Wordless Wednesday : Taking a Hike!

Looking across at the Galtees

Galtee Mountains

Wordless Wednesday :Hiking by the Bay

Hiking on Sheep’s Head

Having a Social Hike with absolutely Blissful Views

For the first time in almost six months, I joined my friends in the Hillwalking Club yesterday for a hike in Sheep’s Head, near Bantry Bay in West Cork.

In the beginning..

In the beginning.

Sheep’s Head is a narrow peninsula in West Cork, with Bantry Bay on one side, and Dunmanus Bay on the other, and there are over 150km of walks making up the Sheep’s Head Way, and the scenery on all sides is amazing.

Yesterday’s walk was the Cahergal Loop, a distance of about 13 km, and as the ascent was only about 350m, I thought it would be a good place to start, after hibernating for the past few months, and seeing that the weather was being kind!    A lot of people had the same idea, and there were about 50 of us on the walk, it was good to meet up beforehand for a chat over coffee in the scenic village of Durrus , and then we drove a few miles to Kilcrohane to start the walk.   Boots on, walking sticks set, a few extra layers of clothing to start with, and we were off!

We turned off the road, and the first 100 metres of the climb was quite steep, and that is always quite a shock when the uphill starts before we even have time to get used to the walk, and to stretch the creaking legs!

Half way up the first hill and it’s time to start taking off that extra layer (and it’s an excuse to stop and get my breath back!).   There was a lot of climbing up rocks, then climbing down more rocks, and that is where the walking poles really come into their own, especially as the ground is still quite boggy from the winter rains.

Trudging along, avoiding the wet patches

Trudging along, avoiding the wet patches

About two hours into the walk, we stopped for lunch and a welcome sit down, unfortunately there are no cafes or ‘refugios’ in the hills in Ireland like there are in places like Italy, so everyone brings sandwiches or snacks in their rucksacks, and sometimes a welcome flask of tea or coffee.

We stopped at an old copper mine where there are still the ruins of the labourers cottages, and a few disused mine shafts.  Interestingly, this settlement by the mine was called Crimea, probably after some locals that may have fought in the Crimea War.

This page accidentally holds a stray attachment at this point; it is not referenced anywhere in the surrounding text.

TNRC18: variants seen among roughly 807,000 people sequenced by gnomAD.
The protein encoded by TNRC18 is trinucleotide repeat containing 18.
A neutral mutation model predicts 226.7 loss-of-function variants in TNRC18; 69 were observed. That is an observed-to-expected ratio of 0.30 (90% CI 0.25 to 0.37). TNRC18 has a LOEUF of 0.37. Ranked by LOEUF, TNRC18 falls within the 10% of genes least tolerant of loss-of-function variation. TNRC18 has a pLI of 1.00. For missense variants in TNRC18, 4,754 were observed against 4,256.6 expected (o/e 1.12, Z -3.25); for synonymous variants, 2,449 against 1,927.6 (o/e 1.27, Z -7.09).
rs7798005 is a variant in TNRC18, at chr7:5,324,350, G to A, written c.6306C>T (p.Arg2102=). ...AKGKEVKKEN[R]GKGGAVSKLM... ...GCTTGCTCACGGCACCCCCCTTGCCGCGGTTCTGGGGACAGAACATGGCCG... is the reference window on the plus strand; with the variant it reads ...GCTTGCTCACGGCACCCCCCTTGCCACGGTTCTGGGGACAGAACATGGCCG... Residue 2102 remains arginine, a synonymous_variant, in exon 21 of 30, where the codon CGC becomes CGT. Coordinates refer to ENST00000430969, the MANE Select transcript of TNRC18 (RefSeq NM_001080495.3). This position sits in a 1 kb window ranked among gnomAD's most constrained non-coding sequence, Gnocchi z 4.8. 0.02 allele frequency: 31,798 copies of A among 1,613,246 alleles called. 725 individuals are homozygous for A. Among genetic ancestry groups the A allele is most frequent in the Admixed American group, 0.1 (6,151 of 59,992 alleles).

Soon after leaving Crimea, we came to a narrow trail over some cliffs, with a rope handrail that we had to hold on to, and if anyone was scared of heights, it was best not to look down!


Don't look down

Don’t look down

The Rope Handrail

The Rope Handrail

The walk was tough, took about four hours, but we had sunshine and blue skies all the way, and the views were out of this world.  Despite a few aches and pains, we all felt great at the end of the day when we could take off the muddy boots, get cleaned up and visit one of the local  pubs for a welcome drink and the  ‘roast of the day’.

Will I do another walk next weekend – most definitely!

Linked to Jo’s Monday Walk


We Stand and Watch the World Sail By.


My friend and I went for a Sunday stroll not too far from home, and on the way we passed an old ruin of a church, it’s called Templebreedy Church, or the Church of Bridget.   This church was built about 1779, and was used for about 150 years, and there had been a church on this site previously, for maybe another 100 years!

This was the view looking out one of the windows, sadly now without glass or window frame, and slowly returning to the earth.    In the foreground of the view is an old Celtic cross gravestone, probably at least 100 years old, and across the mouth of the harbour you can see Roches Point Lighthouse.   This lighthouse stands at the entrance to Cork Harbour, and a lighthouse was first established in this spot almost 200 years ago.

Just imagine, the people looking out this window would have seen many ships sailing to and from the Port of Cork and from Queenstown, later called Cobh.   Cobh was the last stop on the maiden voyage of the Titanic in 1912, before she set sail for New York, and was also the place where the survivors of the Lusitania were brought to in May 1915, when the ship was sunk by a German torpedo not far from here during the First World War.

Let’s hope there were happier times too for the watchers at the window, like the little boats below that were out for a sailing lesson in the shelter of the harbour this morning!

Learning to sail in the calm waters

Learning to sail in the calm waters



Wordless Wednesday : Beware of the Dragons!

Dragon at Worms,Germany

Dragon at Worms, Germany

WPC : Book Cover

light on the canal

Venice and It’s Charms

Who could resist reading about this wonderful city, and all it’s different views of water, canals, bridges, buildings, gondolas, and smiling gondoliers, and even a handsome film star or two from time to time!

Linked to Weekly Photo Challenge :  Cover Art

Water, Water Everywhere : Wordless Wednesday

Beautiful Venice

Beautiful Venice

Looking Through The Window

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